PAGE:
I grew up being served ‘meadow tea’–the name commonly given to fresh spearmint tea by grandmotherly Mennonite women everywhere. The scent of the steeping fresh tea leaves makes me swoon and fills the house. It is able to overwhelm the damp smells that can creep into the house in summer. Goodbye whiff of cat box and clamminess, hello liquid summertime. The smell of this tea evokes hundreds of memories and sensations for me. It is part of my very fiber of being.
So imagine my surprise to be sitting in the historic district Le Marais in Paris with my friend Laurie, and to catch that very scent, the one that has such atavistic powers of familiarity. Laurie was avoiding caffeine on that particular trip and had ordered tea at a sidewalk cafe. Infusion. Green tea wasn’t on offer—her first choice—so she agreed to infusion de menthe. Beside to my café creme the waiter set a metal teapot, topped with a metal strainer full of fresh mint leaves, dipped just into the surface of the hot water—some leaves still perky and leafy, the submerged ones deeply green and wilting. The scent was powerful and heavenly, overtaking the drifting cigarette smoke or anything remotely unpleasant lingering in the air around us.
I was six years old. I saw crows flying from a treetop. A single tree at the top of a hill in an Ohio meadow by my aunt’s house. The cherry pattern on an apron in the Pennsylvania kitchen of my Aunt Sara. A porch swing in front of a wisteria. And adding Paris to this litany of memories was. well. perfect.
See what I mean? Powerful stuff.
Fresh Mint Tea
To make your own mint tea, I hope you can find fresh mint to cut yourself. If not, it can be found in farmers’ markets and even grocery stores this time of year.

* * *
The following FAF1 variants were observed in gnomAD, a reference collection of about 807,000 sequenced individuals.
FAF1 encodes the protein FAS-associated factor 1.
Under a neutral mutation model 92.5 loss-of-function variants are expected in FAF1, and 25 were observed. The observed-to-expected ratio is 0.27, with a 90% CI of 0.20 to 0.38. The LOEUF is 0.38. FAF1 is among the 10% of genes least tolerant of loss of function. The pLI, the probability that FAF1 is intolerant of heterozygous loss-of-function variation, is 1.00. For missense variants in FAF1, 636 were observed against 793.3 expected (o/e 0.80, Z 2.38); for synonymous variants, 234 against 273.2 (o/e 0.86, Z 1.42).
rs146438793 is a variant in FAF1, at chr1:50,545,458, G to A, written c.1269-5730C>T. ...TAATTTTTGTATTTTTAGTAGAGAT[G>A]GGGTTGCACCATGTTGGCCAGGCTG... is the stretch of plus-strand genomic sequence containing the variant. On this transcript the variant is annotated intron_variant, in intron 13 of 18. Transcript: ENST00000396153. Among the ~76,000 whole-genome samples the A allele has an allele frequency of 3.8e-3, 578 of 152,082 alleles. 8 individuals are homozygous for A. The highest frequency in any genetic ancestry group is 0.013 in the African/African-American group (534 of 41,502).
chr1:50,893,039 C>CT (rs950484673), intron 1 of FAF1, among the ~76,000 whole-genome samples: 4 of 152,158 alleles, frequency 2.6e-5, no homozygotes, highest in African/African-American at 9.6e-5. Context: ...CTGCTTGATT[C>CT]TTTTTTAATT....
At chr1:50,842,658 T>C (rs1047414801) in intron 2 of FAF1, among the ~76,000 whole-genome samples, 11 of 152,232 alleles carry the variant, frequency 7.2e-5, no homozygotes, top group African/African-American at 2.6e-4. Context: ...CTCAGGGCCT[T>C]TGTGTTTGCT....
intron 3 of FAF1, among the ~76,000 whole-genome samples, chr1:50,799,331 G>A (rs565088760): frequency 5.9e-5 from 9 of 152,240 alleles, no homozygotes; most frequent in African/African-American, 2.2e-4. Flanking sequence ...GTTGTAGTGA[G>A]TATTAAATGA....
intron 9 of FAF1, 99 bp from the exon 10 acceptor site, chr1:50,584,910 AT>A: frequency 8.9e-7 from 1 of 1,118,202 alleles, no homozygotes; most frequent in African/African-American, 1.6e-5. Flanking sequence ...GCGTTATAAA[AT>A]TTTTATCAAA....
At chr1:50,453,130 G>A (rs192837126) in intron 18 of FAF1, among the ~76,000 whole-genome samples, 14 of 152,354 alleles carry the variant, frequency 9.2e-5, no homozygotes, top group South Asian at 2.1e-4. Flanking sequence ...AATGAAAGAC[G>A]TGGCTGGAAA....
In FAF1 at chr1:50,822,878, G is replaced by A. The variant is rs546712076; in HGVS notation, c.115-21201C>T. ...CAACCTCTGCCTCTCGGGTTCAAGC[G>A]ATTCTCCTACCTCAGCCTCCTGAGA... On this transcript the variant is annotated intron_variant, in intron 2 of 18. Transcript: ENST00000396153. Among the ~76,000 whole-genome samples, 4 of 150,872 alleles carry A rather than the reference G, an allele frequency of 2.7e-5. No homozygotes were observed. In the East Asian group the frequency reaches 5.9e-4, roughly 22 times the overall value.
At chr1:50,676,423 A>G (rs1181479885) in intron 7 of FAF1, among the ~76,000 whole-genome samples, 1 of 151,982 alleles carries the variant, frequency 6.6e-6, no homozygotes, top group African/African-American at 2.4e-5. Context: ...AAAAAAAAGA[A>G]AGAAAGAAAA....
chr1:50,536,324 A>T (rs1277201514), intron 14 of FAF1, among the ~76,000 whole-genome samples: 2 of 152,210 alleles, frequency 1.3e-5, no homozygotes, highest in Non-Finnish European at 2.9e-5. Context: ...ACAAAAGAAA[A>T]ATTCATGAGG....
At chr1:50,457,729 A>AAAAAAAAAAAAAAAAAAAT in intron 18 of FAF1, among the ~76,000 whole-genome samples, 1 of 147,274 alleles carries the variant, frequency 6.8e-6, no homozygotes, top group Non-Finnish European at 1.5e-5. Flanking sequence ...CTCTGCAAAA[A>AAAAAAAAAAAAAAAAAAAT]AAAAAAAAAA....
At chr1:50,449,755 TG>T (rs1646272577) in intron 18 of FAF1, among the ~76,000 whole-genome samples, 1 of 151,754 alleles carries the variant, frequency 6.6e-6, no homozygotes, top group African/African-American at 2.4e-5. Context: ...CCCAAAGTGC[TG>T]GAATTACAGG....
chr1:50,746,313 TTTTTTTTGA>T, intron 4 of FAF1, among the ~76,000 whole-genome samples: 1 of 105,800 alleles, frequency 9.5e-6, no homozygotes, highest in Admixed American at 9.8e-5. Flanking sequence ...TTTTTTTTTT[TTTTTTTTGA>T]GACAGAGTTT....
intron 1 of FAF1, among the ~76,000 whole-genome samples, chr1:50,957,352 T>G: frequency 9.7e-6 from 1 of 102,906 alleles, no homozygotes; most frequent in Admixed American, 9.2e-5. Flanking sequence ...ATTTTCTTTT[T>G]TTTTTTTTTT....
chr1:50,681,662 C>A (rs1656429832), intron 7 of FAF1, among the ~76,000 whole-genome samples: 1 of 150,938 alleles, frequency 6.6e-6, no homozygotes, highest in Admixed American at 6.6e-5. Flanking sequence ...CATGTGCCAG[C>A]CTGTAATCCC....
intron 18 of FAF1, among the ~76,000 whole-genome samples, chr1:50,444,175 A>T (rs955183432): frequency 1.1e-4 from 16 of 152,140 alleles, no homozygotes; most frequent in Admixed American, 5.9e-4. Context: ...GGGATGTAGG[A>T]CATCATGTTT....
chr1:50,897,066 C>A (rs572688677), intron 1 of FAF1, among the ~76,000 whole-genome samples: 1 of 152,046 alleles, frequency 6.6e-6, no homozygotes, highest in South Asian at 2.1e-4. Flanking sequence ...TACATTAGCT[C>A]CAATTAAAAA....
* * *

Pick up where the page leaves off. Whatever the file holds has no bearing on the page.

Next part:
Fill a large bowl or colander with the tips of mint leaves (the top 4-5 inches of the stems). By trimming the tops the plant will grown bushier and there will be more and more fresh tips to cut all summer.
I am partial to spearmint (and my family has plants that we’ve moved from house to house that we refer to as Bunker Hill mint. It came from my father’s childhood home in Charm, Ohio, and now grows happily here in Vermont), but peppermint makes delicious tea too. Or mix them.
Rinse tea leaves and put them in a large kettle.
Sprinkle 1/4 c. of raw sugar over the leaves.
Pour boiling water over the leaves and submerge them with a wooden spoon. For a full colander of leaves, you can cover with 2 or 3 quarts of boiling water.
You can enjoy a cup of hot mint tea in about five minutes. Get a ladle and fill a teacup.
Let the rest steep for 3-5 hours. It won’t grow bitter like black tea.
Strain the tea and refrigerate. I like the tea strong, but this can also be a concentrate that can be thinned with water (about 2 parts tea to 1 part water).
Add lemon slices. Garnish with fresh tea leaves. Add lots of ice cubes.
For a fun cocktail add a splash of bourbon!